FotoEvidence and World Press Photo join forces

It was announced yesterday that FotoEvidence and World Press Photo Foundation will collaborate on the annual FotoEvidence Book Award which will be known as the FotoEvidence Book Award with World Press Photo.

As a previous jury member for the FotoEvidence Book Award I am very excited about this collaboration and the opportunity for even more people to see this important work. It's great news!

The annual FotoEvidence Book Award recognises one photographer whose work demonstrates courage and commitment in the pursuit of social justice. From 2018 the newly named award will see the winner and two other selected finalists also exhibit their work during the World Press Photo (WPP) exhibition in Amsterdam where the winner’s book will be featured. Additionally, the book will be shown at various other WPP events around the world.

This is a great achievement for Svetlana Bachevanova the publisher of FotoEvidence who has worked tirelessly to bring these important stories to publication.

She says: “We at FotoEvidence are excited about our partnership with the World Press Photo Foundation because of our shared commitment to excellence and new initiatives in documentary photography and photojournalism. After seven years and sixteen FotoEvidence books, we expect the FotoEvidence Book Award with World Press Photo to expand our reach to a worldwide audience, strengthen our mission promoting social justice, and increase our support for photographers who demonstrate courage and commitment in the pursuit of human rights.”

Lars Boering, managing director of the World Press Photo Foundation also commented: "We’re delighted to be working closely together with FotoEvidence on the book award. The World Press Photo Foundation is expanding all areas of its activities, and as part of that we’re more committed than ever to promoting visual journalism that addresses social justice. We understand that photo books which address these topics occupy a special but challenging place in the photo book market, and we want to bring this work to our large global audience. The FotoEvidence Book Award with World Press Photo will build on the commitment of Svetlana and her team and help to further our joint mission.”

August 18, 2017

Photojournalism Now: Friday Round Up - 18th August, 2017

This week on Photojournalism Now: Friday Round Up it's all about the 2017 Ballarat International Foto Biennale.

Special Feature:
2017 Ballarat International Foto Biennale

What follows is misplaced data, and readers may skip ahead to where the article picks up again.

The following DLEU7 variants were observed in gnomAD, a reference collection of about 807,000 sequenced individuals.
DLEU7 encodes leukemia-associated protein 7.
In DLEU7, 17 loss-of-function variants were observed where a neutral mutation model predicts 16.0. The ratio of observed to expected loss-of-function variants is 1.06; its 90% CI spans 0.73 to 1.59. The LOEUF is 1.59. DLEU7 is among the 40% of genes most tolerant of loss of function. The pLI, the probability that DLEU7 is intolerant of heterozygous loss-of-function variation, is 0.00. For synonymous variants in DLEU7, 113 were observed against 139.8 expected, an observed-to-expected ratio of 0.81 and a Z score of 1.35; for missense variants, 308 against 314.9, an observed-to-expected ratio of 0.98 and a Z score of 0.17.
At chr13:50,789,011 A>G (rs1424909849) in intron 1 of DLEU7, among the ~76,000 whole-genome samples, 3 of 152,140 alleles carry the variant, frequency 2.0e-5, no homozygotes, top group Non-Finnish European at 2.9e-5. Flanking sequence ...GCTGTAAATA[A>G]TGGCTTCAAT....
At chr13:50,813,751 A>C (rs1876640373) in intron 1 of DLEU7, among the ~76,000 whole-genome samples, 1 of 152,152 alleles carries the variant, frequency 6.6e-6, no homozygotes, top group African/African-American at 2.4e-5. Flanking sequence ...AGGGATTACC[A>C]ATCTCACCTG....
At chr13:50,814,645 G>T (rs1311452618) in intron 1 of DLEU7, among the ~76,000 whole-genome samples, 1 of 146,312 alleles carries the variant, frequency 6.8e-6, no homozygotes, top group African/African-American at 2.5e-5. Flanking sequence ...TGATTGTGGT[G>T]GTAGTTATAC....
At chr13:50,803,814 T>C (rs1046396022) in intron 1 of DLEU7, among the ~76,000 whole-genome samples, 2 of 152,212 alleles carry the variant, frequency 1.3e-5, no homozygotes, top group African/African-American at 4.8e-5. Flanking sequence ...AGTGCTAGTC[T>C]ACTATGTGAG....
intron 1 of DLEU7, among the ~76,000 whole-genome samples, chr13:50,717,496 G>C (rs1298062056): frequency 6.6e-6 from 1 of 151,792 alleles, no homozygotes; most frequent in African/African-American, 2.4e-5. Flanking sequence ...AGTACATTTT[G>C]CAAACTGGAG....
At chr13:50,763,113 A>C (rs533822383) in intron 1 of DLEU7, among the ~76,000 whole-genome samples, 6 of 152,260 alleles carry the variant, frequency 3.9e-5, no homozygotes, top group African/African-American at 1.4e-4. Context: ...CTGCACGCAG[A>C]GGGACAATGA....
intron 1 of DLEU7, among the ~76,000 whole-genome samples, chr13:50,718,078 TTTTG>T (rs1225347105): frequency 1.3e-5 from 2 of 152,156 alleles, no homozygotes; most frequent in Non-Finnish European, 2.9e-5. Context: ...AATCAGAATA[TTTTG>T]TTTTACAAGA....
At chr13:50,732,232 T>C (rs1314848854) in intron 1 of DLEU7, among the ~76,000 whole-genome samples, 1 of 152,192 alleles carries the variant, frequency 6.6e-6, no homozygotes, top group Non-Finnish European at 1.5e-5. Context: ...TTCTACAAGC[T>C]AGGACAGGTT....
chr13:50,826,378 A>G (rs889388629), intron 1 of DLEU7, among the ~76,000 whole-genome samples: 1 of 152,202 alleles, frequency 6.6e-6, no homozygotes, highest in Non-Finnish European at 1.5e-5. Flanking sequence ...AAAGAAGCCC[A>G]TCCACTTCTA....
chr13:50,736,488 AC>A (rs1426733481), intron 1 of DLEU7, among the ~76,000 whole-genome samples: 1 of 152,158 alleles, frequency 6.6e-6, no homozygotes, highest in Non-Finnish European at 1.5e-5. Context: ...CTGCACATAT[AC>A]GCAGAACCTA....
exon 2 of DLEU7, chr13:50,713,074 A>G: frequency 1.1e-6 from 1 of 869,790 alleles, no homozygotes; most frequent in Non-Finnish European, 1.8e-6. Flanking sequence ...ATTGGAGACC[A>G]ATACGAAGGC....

(C) Meg Hewitt Tokyo is Yours - Fringe

Opening tomorrow in the Victorian regional centre of Ballarat, an hour's drive from Melbourne, the 2017 Ballarat International Foto Biennale (BIFB) runs for four weeks. Its expansive program promises to showcase work that appeals to a broad audience and the success of the festival is largely pinned on its major drawcard, the blockbuster David LaChapelle exhibition at the Art Gallery of Ballarat.

This exhibition, which is ticketed (a first for the festival), has received considerable publicity and is advertised on billboards, trains and in the media showing a new level of promotion for this regional event.

LaChapelle's celebrity profile is clearly a great asset for the festival, and his works, some of which you can see in this post, are larger than life, drawing on religious art history tropes and celebrity tackiness. His photographs are lauded in the art world and if nothing else, are most definitely eye-catching, although this type of photography doesn't interest me, as my readers know! Nor does some of the more conceptual photography on show, much of which leaves me cold.

But there are most definitely exhibitions which have caught my attention and for those documentary lovers you won't be disappointed having made the trek to Ballarat. From the Core program my top pick is Rearranging Boundaries, a group show curated by Australian documentary photographer Aaron Bradbrook and featuring the work of Zanele Muholi (South Africa), Tanya Habjouqa (Jordan), Abbas Kowsari (Iran), Wei Leng Tay (China) and Remissa Mak (Cambodia). You can read my feature article on this exhibition in Saturday's Australian Financial Review Weekend.

There are also a number of exhibitions in the large Fringe program which are worth checking out - Lloyd Williams Rustic Remnants, MAP Group's Beyond Borders 2017, Meg Hewitt's Tokyo is Yours and Helga Leunig's Three Weeks in Havana, Tony Evans' The Faces of Sovereign Hill - to name a few. In fact, the Fringe has more appeal for me than the Core this time around.